I also like to consider the projections from systems outside of my own. There's always a chance my process creates an overly optimistic projection for certain players or types of players. The below chart shows the same offensive players, along with the Avg. Per Player, but uses 2017 Steamer Projections from FanGraphs.
|Avg. Per Player||22||74||50||18||N/A|
Instead of 25/23 HR/SB averages, we're lowered to 22/18 HR/SB averages. Even with the slight drop, to be essentially 6 rounds in and have a team that would average those categorical production numbers works for me.
Lastly a word of advice to anyone who is faced with a similar roster cut-down situation: if possible try to figure out who and what positions will be available at next year's draft. This can be done by looking at expiring contracts and also simply emailing owners with whom you've had conversations with in the past and simply asking.
In this particular league I will have the 3rd overall pick (assuming I don't trade up or down) and the available talent will be impressive. Players who had expiring contracts following the 2016 season include: Mike Trout, Paul Goldschmidt, Edwin Encarnacion, Anthony Rizzo, Freddie Freeman, Buster Posey, Max Scherzer and Chris Sale.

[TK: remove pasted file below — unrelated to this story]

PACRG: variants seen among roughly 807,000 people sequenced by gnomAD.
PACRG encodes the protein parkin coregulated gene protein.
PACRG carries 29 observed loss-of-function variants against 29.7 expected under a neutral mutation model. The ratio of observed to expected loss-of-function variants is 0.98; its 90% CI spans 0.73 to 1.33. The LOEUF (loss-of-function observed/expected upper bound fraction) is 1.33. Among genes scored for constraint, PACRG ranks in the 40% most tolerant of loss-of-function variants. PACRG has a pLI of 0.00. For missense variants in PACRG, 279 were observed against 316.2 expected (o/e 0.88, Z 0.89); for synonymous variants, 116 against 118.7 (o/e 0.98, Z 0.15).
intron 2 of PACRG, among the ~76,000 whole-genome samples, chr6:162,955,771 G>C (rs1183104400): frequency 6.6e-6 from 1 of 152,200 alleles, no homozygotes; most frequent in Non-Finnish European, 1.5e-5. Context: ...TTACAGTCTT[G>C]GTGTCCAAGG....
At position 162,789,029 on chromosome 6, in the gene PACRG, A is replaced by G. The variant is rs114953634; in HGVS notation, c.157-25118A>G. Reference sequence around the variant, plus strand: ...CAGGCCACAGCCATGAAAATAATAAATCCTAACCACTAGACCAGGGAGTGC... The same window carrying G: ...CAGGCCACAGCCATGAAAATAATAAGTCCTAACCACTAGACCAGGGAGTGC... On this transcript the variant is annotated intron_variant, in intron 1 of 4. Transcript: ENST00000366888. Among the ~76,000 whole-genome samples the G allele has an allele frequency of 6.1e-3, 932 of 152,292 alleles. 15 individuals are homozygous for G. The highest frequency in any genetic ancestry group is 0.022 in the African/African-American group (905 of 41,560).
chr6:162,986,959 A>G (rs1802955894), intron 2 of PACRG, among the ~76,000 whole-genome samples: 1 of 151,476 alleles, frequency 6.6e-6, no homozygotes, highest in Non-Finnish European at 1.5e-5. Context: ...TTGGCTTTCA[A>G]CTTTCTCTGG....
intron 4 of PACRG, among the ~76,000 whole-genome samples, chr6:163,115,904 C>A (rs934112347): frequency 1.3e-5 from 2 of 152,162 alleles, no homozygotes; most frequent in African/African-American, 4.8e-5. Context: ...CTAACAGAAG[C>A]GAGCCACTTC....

The talent available this coming season is the exact opposite of the talent pool for real MLB teams during the 2017 free agent hot stove season. With power hitting first basemen and also a couple of aces on the board when my pick rolls around, I was able to strategically pick my initial 12 keepers, while tossing back productive players such as Brad Miller, who qualify at first base, a position that is clearly deep in talent for this particular league/draft in 2017.
When cutting your roster down from the previous season, it's important to examine the roster and league at whole from as many angles as possible. As the above post details, difficult decisions have to be made, but with the benefit of league context and categorical planning, you can give your keeper league team a leg up on the competition even during the cold days and nights of November.